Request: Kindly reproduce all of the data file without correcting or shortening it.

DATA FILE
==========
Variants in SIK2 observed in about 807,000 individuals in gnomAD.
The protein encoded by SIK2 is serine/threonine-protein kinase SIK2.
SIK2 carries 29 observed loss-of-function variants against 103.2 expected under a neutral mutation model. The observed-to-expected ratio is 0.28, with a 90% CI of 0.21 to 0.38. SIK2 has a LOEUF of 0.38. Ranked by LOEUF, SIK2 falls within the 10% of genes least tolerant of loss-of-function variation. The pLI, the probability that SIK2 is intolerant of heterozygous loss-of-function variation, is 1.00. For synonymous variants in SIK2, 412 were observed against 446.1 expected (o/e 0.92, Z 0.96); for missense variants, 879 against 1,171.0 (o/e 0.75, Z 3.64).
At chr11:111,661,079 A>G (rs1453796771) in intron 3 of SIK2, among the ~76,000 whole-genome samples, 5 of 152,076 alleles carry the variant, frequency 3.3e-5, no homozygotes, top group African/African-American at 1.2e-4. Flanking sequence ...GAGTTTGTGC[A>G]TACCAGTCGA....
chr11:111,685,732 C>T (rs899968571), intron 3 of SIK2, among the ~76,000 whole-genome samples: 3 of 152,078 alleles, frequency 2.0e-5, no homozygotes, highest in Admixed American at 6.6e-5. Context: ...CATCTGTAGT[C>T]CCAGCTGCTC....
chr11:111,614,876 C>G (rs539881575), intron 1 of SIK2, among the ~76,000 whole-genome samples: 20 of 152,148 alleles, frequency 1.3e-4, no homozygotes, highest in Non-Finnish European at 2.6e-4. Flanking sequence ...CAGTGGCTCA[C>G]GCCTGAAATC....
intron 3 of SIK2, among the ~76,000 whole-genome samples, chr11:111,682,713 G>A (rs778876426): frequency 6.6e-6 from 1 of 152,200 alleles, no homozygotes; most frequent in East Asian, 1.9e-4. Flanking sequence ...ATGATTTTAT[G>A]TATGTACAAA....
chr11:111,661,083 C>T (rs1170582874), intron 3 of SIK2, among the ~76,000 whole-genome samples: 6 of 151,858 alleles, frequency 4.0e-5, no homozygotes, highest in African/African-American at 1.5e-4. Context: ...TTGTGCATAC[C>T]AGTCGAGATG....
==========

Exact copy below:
Variants in SIK2 observed in about 807,000 individuals in gnomAD.
The protein encoded by SIK2 is serine/threonine-protein kinase SIK2.
SIK2 carries 29 observed loss-of-function variants against 103.2 expected under a neutral mutation model. The observed-to-expected ratio is 0.28, with a 90% CI of 0.21 to 0.38. SIK2 has a LOEUF of 0.38. Ranked by LOEUF, SIK2 falls within the 10% of genes least tolerant of loss-of-function variation. The pLI, the probability that SIK2 is intolerant of heterozygous loss-of-function variation, is 1.00. For synonymous variants in SIK2, 412 were observed against 446.1 expected (o/e 0.92, Z 0.96); for missense variants, 879 against 1,171.0 (o/e 0.75, Z 3.64).
At chr11:111,661,079 A>G (rs1453796771) in intron 3 of SIK2, among the ~76,000 whole-genome samples, 5 of 152,076 alleles carry the variant, frequency 3.3e-5, no homozygotes, top group African/African-American at 1.2e-4. Flanking sequence ...GAGTTTGTGC[A>G]TACCAGTCGA....
chr11:111,685,732 C>T (rs899968571), intron 3 of SIK2, among the ~76,000 whole-genome samples: 3 of 152,078 alleles, frequency 2.0e-5, no homozygotes, highest in Admixed American at 6.6e-5. Context: ...CATCTGTAGT[C>T]CCAGCTGCTC....
chr11:111,614,876 C>G (rs539881575), intron 1 of SIK2, among the ~76,000 whole-genome samples: 20 of 152,148 alleles, frequency 1.3e-4, no homozygotes, highest in Non-Finnish European at 2.6e-4. Flanking sequence ...CAGTGGCTCA[C>G]GCCTGAAATC....
intron 3 of SIK2, among the ~76,000 whole-genome samples, chr11:111,682,713 G>A (rs778876426): frequency 6.6e-6 from 1 of 152,200 alleles, no homozygotes; most frequent in East Asian, 1.9e-4. Flanking sequence ...ATGATTTTAT[G>A]TATGTACAAA....
chr11:111,661,083 C>T (rs1170582874), intron 3 of SIK2, among the ~76,000 whole-genome samples: 6 of 151,858 alleles, frequency 4.0e-5, no homozygotes, highest in African/African-American at 1.5e-4. Context: ...TTGTGCATAC[C>T]AGTCGAGATG....